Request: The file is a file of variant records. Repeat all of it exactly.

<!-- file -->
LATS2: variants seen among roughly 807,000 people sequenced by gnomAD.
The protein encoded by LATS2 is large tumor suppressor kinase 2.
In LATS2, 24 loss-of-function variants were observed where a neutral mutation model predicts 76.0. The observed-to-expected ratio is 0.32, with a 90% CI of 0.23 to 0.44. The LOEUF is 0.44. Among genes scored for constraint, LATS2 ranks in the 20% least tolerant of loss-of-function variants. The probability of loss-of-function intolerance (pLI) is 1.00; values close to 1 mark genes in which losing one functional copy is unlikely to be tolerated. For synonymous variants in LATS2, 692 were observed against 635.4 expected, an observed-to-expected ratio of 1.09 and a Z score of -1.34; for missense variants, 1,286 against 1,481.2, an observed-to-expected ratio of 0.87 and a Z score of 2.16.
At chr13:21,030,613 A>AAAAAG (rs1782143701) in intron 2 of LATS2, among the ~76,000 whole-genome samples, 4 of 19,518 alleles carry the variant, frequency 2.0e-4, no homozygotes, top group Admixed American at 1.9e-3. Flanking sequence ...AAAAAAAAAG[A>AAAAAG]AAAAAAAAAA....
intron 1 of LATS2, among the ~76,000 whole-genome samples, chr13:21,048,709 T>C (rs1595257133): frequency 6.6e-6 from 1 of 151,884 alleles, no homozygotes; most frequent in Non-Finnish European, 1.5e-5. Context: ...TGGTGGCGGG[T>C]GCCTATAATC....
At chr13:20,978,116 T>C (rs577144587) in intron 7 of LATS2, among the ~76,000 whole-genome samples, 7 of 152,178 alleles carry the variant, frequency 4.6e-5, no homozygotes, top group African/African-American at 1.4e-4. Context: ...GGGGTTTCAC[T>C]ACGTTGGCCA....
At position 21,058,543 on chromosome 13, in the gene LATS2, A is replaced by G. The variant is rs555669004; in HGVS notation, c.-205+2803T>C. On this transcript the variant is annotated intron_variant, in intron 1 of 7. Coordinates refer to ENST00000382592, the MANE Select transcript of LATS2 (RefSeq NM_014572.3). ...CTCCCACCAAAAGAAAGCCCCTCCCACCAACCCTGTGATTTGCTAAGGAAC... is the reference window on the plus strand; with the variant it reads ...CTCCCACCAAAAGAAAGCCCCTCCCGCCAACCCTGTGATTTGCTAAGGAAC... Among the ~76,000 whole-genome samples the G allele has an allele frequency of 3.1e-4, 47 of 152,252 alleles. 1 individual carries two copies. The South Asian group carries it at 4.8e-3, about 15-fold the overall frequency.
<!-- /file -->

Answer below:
LATS2: variants seen among roughly 807,000 people sequenced by gnomAD.
The protein encoded by LATS2 is large tumor suppressor kinase 2.
In LATS2, 24 loss-of-function variants were observed where a neutral mutation model predicts 76.0. The observed-to-expected ratio is 0.32, with a 90% CI of 0.23 to 0.44. The LOEUF is 0.44. Among genes scored for constraint, LATS2 ranks in the 20% least tolerant of loss-of-function variants. The probability of loss-of-function intolerance (pLI) is 1.00; values close to 1 mark genes in which losing one functional copy is unlikely to be tolerated. For synonymous variants in LATS2, 692 were observed against 635.4 expected, an observed-to-expected ratio of 1.09 and a Z score of -1.34; for missense variants, 1,286 against 1,481.2, an observed-to-expected ratio of 0.87 and a Z score of 2.16.
At chr13:21,030,613 A>AAAAAG (rs1782143701) in intron 2 of LATS2, among the ~76,000 whole-genome samples, 4 of 19,518 alleles carry the variant, frequency 2.0e-4, no homozygotes, top group Admixed American at 1.9e-3. Flanking sequence ...AAAAAAAAAG[A>AAAAAG]AAAAAAAAAA....
intron 1 of LATS2, among the ~76,000 whole-genome samples, chr13:21,048,709 T>C (rs1595257133): frequency 6.6e-6 from 1 of 151,884 alleles, no homozygotes; most frequent in Non-Finnish European, 1.5e-5. Context: ...TGGTGGCGGG[T>C]GCCTATAATC....
At chr13:20,978,116 T>C (rs577144587) in intron 7 of LATS2, among the ~76,000 whole-genome samples, 7 of 152,178 alleles carry the variant, frequency 4.6e-5, no homozygotes, top group African/African-American at 1.4e-4. Context: ...GGGGTTTCAC[T>C]ACGTTGGCCA....
At position 21,058,543 on chromosome 13, in the gene LATS2, A is replaced by G. The variant is rs555669004; in HGVS notation, c.-205+2803T>C. On this transcript the variant is annotated intron_variant, in intron 1 of 7. Coordinates refer to ENST00000382592, the MANE Select transcript of LATS2 (RefSeq NM_014572.3). ...CTCCCACCAAAAGAAAGCCCCTCCCACCAACCCTGTGATTTGCTAAGGAAC... is the reference window on the plus strand; with the variant it reads ...CTCCCACCAAAAGAAAGCCCCTCCCGCCAACCCTGTGATTTGCTAAGGAAC... Among the ~76,000 whole-genome samples the G allele has an allele frequency of 3.1e-4, 47 of 152,252 alleles. 1 individual carries two copies. The South Asian group carries it at 4.8e-3, about 15-fold the overall frequency.